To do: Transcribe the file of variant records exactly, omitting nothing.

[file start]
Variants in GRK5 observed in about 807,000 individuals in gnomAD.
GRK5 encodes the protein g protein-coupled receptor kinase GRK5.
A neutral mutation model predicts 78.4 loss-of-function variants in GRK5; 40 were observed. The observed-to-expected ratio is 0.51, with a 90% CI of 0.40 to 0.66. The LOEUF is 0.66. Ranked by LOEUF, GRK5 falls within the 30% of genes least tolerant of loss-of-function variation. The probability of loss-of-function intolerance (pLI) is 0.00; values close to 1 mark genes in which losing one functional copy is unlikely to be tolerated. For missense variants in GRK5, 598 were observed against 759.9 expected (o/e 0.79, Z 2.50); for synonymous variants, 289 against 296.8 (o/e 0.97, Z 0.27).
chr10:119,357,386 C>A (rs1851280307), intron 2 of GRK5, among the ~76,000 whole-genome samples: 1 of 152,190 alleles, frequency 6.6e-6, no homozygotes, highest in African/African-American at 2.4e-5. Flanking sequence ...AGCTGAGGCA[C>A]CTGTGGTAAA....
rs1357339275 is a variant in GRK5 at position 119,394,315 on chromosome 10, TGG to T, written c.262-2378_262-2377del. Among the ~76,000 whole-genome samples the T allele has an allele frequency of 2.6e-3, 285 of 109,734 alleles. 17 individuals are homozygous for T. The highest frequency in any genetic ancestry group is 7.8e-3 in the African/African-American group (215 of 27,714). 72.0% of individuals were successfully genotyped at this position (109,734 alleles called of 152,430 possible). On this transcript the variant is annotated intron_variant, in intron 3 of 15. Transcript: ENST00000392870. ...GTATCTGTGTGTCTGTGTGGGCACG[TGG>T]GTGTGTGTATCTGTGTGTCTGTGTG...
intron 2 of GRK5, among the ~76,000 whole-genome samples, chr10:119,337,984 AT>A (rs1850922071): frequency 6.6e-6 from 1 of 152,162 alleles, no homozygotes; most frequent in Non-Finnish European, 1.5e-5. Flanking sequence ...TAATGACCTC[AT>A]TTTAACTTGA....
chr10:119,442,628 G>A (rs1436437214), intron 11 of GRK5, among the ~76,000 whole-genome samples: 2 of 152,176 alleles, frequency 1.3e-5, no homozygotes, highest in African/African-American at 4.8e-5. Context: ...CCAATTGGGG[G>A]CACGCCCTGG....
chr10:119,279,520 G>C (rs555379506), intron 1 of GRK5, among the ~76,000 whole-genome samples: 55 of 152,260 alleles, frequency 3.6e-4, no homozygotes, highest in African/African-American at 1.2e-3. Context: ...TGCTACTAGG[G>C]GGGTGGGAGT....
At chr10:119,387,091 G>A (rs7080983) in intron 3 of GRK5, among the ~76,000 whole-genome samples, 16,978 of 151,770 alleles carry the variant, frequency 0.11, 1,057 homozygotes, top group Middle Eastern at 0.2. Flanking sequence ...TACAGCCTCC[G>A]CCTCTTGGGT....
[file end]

Variants in GRK5 observed in about 807,000 individuals in gnomAD.
GRK5 encodes the protein g protein-coupled receptor kinase GRK5.
A neutral mutation model predicts 78.4 loss-of-function variants in GRK5; 40 were observed. The observed-to-expected ratio is 0.51, with a 90% CI of 0.40 to 0.66. The LOEUF is 0.66. Ranked by LOEUF, GRK5 falls within the 30% of genes least tolerant of loss-of-function variation. The probability of loss-of-function intolerance (pLI) is 0.00; values close to 1 mark genes in which losing one functional copy is unlikely to be tolerated. For missense variants in GRK5, 598 were observed against 759.9 expected (o/e 0.79, Z 2.50); for synonymous variants, 289 against 296.8 (o/e 0.97, Z 0.27).
chr10:119,357,386 C>A (rs1851280307), intron 2 of GRK5, among the ~76,000 whole-genome samples: 1 of 152,190 alleles, frequency 6.6e-6, no homozygotes, highest in African/African-American at 2.4e-5. Flanking sequence ...AGCTGAGGCA[C>A]CTGTGGTAAA....
rs1357339275 is a variant in GRK5 at position 119,394,315 on chromosome 10, TGG to T, written c.262-2378_262-2377del. Among the ~76,000 whole-genome samples the T allele has an allele frequency of 2.6e-3, 285 of 109,734 alleles. 17 individuals are homozygous for T. The highest frequency in any genetic ancestry group is 7.8e-3 in the African/African-American group (215 of 27,714). 72.0% of individuals were successfully genotyped at this position (109,734 alleles called of 152,430 possible). On this transcript the variant is annotated intron_variant, in intron 3 of 15. Transcript: ENST00000392870. ...GTATCTGTGTGTCTGTGTGGGCACG[TGG>T]GTGTGTGTATCTGTGTGTCTGTGTG...
intron 2 of GRK5, among the ~76,000 whole-genome samples, chr10:119,337,984 AT>A (rs1850922071): frequency 6.6e-6 from 1 of 152,162 alleles, no homozygotes; most frequent in Non-Finnish European, 1.5e-5. Flanking sequence ...TAATGACCTC[AT>A]TTTAACTTGA....
chr10:119,442,628 G>A (rs1436437214), intron 11 of GRK5, among the ~76,000 whole-genome samples: 2 of 152,176 alleles, frequency 1.3e-5, no homozygotes, highest in African/African-American at 4.8e-5. Context: ...CCAATTGGGG[G>A]CACGCCCTGG....
chr10:119,279,520 G>C (rs555379506), intron 1 of GRK5, among the ~76,000 whole-genome samples: 55 of 152,260 alleles, frequency 3.6e-4, no homozygotes, highest in African/African-American at 1.2e-3. Context: ...TGCTACTAGG[G>C]GGGTGGGAGT....
At chr10:119,387,091 G>A (rs7080983) in intron 3 of GRK5, among the ~76,000 whole-genome samples, 16,978 of 151,770 alleles carry the variant, frequency 0.11, 1,057 homozygotes, top group Middle Eastern at 0.2. Flanking sequence ...TACAGCCTCC[G>A]CCTCTTGGGT....